I love my wife. She’s incredible. I’ve been blessed with an amazing and beautiful woman to be my companion for this life, and it’s my pleasure and God-given duty to love her. In this second post on Genesis I make no apology for skipping on a few verses, because this blog is not meant to exhaustively discuss Genesis, but instead to share those thoughts that most struck me as I read. So while I’m aware that the creation accounts of man and woman seem to differ slightly in Genesis 1 and Genesis 2, what most stood out to me was the fact that, according to the second chapter, man had a relationship with God before he had a relationship with woman. I think that’s significant, and has much to tell us about where our priorities should be.
In 2:7 we’re told that ‘God formed a man from the dust of the ground’, and goes on to set him to work in the Garden of Eden. But it’s not until verse 18, when an unknown length of time had elapsed, that God said ‘It is not good for man to be alone. I will make a helper suitable for him.’ Then along comes Eve in verse 22. I’d like to talk a bit more about Adam and Eve in later posts, but for now what I’d like to focus on is what this order of creation tells us about how life should be lived. Man didn’t meet woman first, and then discover God. If he did, we as a species could be forgiven for treating God as an after-thought. But in fact God was alone with Adam for some time before Eve was made. Man’s relationship with God is older than his relationship with woman. I will go further: it is more important.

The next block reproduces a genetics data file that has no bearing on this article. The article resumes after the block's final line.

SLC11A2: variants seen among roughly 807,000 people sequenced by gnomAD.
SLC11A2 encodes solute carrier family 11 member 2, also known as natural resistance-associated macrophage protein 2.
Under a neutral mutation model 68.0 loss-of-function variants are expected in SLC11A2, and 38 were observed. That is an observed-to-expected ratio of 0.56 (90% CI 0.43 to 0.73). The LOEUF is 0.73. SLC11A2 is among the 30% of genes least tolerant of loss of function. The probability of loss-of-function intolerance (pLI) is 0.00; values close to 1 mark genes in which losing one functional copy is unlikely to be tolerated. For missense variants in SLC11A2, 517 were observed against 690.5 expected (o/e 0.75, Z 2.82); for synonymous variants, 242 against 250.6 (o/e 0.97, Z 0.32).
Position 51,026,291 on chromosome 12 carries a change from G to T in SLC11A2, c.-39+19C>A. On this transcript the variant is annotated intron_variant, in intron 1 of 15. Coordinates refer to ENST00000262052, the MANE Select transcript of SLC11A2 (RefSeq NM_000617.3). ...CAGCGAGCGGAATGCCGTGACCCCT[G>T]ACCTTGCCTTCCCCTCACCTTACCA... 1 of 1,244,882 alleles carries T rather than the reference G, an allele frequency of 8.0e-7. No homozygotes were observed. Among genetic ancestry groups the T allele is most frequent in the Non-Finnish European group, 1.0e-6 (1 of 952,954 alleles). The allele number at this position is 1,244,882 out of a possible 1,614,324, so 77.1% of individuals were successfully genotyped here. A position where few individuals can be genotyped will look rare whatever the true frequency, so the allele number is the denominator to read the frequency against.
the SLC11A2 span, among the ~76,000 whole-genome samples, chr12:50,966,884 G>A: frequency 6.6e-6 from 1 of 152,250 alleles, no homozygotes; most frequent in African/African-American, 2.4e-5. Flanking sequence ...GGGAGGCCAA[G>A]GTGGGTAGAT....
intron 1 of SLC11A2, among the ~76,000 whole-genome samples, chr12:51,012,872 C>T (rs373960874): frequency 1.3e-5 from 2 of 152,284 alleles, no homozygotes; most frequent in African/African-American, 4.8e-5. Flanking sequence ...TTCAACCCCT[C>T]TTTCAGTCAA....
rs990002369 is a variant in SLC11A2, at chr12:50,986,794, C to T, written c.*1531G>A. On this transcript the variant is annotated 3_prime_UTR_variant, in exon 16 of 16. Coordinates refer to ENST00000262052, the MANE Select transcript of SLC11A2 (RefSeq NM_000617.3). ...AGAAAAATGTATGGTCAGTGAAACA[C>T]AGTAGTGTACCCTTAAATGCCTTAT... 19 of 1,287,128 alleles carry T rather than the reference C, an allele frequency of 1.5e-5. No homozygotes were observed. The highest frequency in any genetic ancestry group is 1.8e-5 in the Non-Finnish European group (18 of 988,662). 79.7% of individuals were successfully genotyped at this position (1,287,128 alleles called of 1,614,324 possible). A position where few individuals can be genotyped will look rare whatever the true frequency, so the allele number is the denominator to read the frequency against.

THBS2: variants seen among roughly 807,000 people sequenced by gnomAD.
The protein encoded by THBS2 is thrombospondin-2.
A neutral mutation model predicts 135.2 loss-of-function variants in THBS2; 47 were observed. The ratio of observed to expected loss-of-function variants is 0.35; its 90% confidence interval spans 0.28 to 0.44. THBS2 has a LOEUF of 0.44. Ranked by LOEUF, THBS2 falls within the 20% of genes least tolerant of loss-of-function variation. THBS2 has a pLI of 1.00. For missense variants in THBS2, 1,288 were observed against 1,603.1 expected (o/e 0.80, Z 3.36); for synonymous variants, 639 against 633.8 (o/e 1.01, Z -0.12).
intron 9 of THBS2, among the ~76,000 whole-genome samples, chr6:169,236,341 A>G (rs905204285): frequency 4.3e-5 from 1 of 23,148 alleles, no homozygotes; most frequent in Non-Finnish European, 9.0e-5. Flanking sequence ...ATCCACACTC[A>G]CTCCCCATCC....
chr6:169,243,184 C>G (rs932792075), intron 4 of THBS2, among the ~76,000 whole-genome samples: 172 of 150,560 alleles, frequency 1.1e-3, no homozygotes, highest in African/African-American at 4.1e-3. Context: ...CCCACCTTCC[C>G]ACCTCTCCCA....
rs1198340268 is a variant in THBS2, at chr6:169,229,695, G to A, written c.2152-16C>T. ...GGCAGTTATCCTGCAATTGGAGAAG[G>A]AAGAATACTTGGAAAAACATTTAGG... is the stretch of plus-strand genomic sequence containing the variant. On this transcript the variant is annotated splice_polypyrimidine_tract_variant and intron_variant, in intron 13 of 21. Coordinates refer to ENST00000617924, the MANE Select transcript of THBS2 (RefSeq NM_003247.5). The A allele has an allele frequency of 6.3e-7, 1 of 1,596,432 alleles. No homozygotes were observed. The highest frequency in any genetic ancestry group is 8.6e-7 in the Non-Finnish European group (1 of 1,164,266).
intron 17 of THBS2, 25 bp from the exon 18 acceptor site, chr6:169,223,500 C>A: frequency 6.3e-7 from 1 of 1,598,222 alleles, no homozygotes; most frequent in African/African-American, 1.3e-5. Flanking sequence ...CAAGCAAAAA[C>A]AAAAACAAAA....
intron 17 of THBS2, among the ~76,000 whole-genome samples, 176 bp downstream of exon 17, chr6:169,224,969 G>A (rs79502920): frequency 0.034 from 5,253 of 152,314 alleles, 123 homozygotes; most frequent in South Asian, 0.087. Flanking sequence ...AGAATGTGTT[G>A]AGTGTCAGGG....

Now that’s not to say that man’s relationship with woman isn’t important – of course it is. Very important. God’s words in verse 18 make it clear that man needed someone like himself to exist with, and in chapter 1 creation wasn’t deemed ‘very good’ until both men and women were in existence. God delights in relationship, and thus His commands, in both Old and New Testaments (e.g. Proverbs 5:18; Ephesians 5:25) encourage men to love and rejoice in their wives. There is no excuse or Biblical mandate for a man doing anything other than cherishing, protecting and blessing his wife. But she’s not the be all and end all.
Man needs God more than he needs woman. Men and women can’t give each other that deep soul satisfaction and purpose that comes from God alone. Looking for such things in another person puts impossible pressure and unrealistic expectations on that person, and a relationship under such strain is unlikely to flourish, even if it lasts at all. Likewise, even a lifetime of happiness in relationship with someone else can’t compare to the eternal life that is found in Christ alone. Men and women in relationship will be far healthier if they are rooted first and foremost in God, because only then will they be able to give selflessly to each other, and love sacrificially and faithfully. The very passage commanding husbands to love their wives (Ephesians 5:25-32) also makes clear that marriage itself is a living metaphor for the love and relationship which exists between Christ and His church.
So God should be our first and ultimate priority. A man who abandons God for the sake of a woman will be far worse off, with his soul doomed, than the man who stays faithful to God and loses his wife as a result, for the latter’s pain is only temporary. So I go away from this reminded of the order of my priorities, but also reassured, that in putting God first, both myself and my wife will be far better off.